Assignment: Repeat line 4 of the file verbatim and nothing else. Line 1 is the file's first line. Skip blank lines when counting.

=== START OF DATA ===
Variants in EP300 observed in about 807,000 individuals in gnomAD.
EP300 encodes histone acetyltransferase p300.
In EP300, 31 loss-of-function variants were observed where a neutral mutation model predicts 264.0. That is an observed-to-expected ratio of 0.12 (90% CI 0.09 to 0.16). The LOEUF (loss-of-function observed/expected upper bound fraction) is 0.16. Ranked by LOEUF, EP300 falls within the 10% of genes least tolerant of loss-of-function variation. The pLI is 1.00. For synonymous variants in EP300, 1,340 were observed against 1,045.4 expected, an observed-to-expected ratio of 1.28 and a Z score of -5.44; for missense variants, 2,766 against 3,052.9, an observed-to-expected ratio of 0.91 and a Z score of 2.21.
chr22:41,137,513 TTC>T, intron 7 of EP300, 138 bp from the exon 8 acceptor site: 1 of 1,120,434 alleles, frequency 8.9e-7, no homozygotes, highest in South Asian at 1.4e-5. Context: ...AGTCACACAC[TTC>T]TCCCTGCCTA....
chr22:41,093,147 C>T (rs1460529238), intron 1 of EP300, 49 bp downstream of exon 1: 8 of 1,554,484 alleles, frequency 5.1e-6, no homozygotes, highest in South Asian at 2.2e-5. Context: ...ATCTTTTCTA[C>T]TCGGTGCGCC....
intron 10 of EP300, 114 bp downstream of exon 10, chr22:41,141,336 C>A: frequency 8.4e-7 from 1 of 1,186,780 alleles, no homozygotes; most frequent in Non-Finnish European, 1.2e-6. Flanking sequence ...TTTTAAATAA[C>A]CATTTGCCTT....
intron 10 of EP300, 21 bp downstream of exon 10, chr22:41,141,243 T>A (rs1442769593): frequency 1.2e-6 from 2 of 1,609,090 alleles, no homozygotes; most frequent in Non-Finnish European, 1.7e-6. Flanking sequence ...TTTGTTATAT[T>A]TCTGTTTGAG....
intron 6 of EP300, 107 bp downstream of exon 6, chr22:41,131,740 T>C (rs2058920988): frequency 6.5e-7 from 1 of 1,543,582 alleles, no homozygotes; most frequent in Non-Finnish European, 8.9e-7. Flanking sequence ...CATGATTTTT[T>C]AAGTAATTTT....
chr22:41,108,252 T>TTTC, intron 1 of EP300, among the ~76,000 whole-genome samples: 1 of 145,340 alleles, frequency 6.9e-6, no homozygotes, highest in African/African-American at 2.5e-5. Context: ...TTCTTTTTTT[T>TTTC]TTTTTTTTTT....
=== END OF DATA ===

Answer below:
chr22:41,137,513 TTC>T, intron 7 of EP300, 138 bp from the exon 8 acceptor site: 1 of 1,120,434 alleles, frequency 8.9e-7, no homozygotes, highest in South Asian at 1.4e-5. Context: ...AGTCACACAC[TTC>T]TCCCTGCCTA....